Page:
No the sky isn't falling, that's foolishness. But it is interesting to consider how people used to think about the heavens.
In biblical days the sky was referred to as the "firmament," and firm they thought it was--a smooth curved object made of a thin solid material.
The word firmamentum is Latin and a translation from the Greek stereoma, meaning solid dome. That in turn is a translation from the Hebrew rakia, meaning a thin metallic sheet. The sky, they thought, was a close-by, semi-spherical solid dome made from a thin sheet of metal that covered the flat earth, coming down to meet it all around at the horizon.
So when the Book of Revelations in the Bible speaks of the destruction of the Earth and sky, it says--reflecting the then current cosmological ideas and language--"And the stars of heaven fell unto the earth...And the heaven departed as a scroll when it is rolled together" (Revelation 6:13-14).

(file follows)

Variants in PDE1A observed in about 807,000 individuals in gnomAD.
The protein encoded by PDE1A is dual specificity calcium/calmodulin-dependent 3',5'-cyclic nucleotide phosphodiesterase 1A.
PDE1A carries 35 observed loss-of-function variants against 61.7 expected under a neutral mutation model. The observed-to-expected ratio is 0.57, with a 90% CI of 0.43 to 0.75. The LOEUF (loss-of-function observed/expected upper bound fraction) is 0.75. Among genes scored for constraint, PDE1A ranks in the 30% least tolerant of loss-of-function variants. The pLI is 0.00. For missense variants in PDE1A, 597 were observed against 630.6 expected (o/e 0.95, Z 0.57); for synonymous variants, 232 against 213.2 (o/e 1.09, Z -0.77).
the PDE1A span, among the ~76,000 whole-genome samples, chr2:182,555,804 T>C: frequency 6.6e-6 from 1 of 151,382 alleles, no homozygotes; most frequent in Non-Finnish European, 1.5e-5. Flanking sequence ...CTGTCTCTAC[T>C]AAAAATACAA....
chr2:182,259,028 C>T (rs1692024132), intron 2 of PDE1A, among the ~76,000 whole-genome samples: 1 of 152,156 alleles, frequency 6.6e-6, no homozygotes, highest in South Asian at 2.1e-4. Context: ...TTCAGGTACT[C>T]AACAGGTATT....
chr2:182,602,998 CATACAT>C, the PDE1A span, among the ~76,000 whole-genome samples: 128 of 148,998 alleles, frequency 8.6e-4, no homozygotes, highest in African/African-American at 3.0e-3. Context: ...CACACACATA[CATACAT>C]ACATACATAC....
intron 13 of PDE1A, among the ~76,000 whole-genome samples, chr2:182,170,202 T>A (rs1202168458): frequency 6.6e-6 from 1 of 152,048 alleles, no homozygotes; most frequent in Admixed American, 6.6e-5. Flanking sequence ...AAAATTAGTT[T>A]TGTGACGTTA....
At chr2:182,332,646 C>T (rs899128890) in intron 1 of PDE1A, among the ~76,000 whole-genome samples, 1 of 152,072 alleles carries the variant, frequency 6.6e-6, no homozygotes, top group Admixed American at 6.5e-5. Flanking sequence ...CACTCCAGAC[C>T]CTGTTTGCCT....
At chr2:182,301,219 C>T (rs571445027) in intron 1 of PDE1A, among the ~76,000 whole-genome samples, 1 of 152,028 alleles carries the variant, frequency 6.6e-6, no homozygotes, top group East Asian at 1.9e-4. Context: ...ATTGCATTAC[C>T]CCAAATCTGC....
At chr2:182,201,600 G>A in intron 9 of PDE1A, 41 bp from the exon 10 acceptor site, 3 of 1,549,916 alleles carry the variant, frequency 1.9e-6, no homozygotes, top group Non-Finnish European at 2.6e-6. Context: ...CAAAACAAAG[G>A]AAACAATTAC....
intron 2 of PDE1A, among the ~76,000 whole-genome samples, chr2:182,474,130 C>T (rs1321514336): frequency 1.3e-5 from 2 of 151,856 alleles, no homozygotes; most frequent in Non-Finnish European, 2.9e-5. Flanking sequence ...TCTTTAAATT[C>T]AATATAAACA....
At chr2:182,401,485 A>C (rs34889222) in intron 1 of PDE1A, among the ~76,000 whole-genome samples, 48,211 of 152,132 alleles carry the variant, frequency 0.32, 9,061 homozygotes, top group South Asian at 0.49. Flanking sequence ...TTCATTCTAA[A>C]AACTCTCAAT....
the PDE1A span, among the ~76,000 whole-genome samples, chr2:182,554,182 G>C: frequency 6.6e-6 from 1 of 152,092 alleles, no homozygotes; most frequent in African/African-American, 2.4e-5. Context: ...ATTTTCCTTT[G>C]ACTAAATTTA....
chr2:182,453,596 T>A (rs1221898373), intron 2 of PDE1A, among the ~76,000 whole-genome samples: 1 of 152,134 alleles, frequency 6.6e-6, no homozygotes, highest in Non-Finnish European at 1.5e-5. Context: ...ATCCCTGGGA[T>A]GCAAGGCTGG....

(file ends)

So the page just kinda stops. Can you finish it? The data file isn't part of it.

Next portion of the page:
In other words, about 2000 years ago people thought the world would end when the thin metal sheet that the sky was made from rolled up (spro-o-o-ing), and all the glittery little lights that stuck to it fell off. Now we know that the Sun, one of those little lights that just happens to be realtively close, will eventually burn most of its hydrogen into helium, become a red giant, and simply envelop the Earth.